In an earlier post, I indicated that memorizing a piece is not always necessary. Sometimes, however, it is required by a particular adjudication, contest, or competition; sometimes you choose to memorize in order to appear polished and professional (this is the point of view that I personally want to move away from); and sometimes, memorizing becomes necessary in order to really play the piece well. It was this last situation that I encountered a few days ago. I am currently learning Frederic Chopin’s Ballade No. 2, Op. 38. This piece is fiendishly difficult in places, and I decided that if I was ever going to have any hope of playing it, I would have to free myself from the music.
For this purpose, I used a simple technique called “Migrating Book,” first described by Philip Johnston at practicespot.com. The rules of the game are simple: you may consult the book whenever you must, you just make it increasingly difficult to do so. First, I set the book in front of me and reviewed 2-4 measures (the difficulty of this piece dictated really short sections). Then I tried to play it without looking. When I could do that, I put the book on top of the piano and played it again. Then I put it on a chair nearby, then the couch, then half-way down the hall. Every time I moved the book, I repeated it again. Obviously, repeating it so many times is the basic point, but I found it also is a great stress reliever as I got up to move the book. It also allowed my tired wrists to rest while I went to my back bedroom to retrieve the book off the ironing board.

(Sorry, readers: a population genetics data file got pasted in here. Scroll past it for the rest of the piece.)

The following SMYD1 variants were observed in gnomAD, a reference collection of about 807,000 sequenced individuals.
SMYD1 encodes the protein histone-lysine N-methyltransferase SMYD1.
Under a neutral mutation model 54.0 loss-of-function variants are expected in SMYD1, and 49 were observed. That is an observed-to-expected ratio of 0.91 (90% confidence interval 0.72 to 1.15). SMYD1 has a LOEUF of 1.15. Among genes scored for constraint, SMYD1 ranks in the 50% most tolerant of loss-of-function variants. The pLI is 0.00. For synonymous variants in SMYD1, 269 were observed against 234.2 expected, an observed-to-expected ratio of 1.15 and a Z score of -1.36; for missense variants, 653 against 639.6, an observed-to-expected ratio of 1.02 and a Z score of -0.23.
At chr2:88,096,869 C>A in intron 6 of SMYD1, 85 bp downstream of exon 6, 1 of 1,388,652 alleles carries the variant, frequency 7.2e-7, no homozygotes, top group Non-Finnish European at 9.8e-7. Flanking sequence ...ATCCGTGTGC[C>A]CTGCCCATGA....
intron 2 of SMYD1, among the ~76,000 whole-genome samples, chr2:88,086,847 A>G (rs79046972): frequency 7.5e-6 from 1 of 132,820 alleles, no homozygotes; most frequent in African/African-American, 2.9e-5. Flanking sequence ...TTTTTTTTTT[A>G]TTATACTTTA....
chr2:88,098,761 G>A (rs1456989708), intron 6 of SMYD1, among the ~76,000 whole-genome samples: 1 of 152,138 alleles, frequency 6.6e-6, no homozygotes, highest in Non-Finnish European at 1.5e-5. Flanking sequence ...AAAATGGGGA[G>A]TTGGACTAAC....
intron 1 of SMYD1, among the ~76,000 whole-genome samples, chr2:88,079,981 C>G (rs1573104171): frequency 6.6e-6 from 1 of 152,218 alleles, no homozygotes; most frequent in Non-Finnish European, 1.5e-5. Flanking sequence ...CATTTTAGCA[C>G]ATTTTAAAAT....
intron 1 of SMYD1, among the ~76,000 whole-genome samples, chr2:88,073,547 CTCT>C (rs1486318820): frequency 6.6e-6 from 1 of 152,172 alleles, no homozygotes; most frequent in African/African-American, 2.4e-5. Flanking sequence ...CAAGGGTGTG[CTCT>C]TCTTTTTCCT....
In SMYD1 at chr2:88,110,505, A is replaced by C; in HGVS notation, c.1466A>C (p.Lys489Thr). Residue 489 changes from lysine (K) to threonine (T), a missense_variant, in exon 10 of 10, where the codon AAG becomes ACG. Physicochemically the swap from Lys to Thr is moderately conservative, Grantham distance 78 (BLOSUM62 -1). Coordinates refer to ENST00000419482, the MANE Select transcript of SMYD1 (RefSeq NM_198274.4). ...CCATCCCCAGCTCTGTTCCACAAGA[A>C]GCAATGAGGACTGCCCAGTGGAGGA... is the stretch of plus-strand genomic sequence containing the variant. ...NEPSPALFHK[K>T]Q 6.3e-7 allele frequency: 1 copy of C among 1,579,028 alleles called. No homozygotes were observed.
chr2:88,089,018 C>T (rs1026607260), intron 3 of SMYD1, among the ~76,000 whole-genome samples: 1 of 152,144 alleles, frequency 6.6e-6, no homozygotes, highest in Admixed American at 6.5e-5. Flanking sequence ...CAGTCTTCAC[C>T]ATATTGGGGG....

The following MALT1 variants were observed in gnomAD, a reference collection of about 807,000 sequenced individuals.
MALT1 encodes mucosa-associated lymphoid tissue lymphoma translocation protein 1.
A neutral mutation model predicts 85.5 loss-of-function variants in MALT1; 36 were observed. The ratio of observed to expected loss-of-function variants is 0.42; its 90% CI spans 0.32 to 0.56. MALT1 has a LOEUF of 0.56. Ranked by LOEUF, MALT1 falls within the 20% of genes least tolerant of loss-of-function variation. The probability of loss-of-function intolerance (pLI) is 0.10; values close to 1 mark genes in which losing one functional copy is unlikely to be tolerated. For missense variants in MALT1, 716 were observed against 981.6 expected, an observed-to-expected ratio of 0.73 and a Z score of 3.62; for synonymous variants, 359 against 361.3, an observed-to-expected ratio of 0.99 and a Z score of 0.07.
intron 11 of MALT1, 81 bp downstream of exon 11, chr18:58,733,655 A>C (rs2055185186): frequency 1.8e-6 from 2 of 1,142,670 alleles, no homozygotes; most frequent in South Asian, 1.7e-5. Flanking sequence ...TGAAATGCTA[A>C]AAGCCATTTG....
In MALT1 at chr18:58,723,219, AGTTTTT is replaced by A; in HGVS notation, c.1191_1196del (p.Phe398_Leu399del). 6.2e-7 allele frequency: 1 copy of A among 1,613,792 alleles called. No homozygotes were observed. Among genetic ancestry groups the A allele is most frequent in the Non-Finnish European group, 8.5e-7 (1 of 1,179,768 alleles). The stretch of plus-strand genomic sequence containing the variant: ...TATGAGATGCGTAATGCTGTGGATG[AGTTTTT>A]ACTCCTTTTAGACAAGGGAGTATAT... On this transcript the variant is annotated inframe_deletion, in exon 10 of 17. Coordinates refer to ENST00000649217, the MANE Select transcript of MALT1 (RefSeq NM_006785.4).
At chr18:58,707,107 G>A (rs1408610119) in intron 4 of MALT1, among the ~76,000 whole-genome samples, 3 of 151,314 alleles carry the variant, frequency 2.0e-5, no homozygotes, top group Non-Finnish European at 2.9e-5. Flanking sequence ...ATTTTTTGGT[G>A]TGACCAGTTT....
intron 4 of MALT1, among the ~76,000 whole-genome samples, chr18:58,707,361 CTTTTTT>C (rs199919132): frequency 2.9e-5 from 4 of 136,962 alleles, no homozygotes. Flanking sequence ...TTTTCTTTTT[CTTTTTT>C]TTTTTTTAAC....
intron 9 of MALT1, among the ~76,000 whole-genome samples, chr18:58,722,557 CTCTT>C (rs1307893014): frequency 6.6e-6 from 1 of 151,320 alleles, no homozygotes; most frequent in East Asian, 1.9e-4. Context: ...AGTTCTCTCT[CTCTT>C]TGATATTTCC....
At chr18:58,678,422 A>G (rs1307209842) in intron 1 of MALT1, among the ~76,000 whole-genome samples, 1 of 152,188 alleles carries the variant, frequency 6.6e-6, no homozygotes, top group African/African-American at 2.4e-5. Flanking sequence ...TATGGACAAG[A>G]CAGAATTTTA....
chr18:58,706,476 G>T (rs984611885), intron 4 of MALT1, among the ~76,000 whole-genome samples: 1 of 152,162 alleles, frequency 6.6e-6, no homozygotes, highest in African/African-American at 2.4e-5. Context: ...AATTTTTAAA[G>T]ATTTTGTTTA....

My wife had been downstairs. She finally came up and asked, “Are you all right?” She had heard me play a short section then go walk around, play the same section then walk around. She thought I must be really frustrated. “No,” I said, explaining the routine. Just practicing–and quite effectively, too.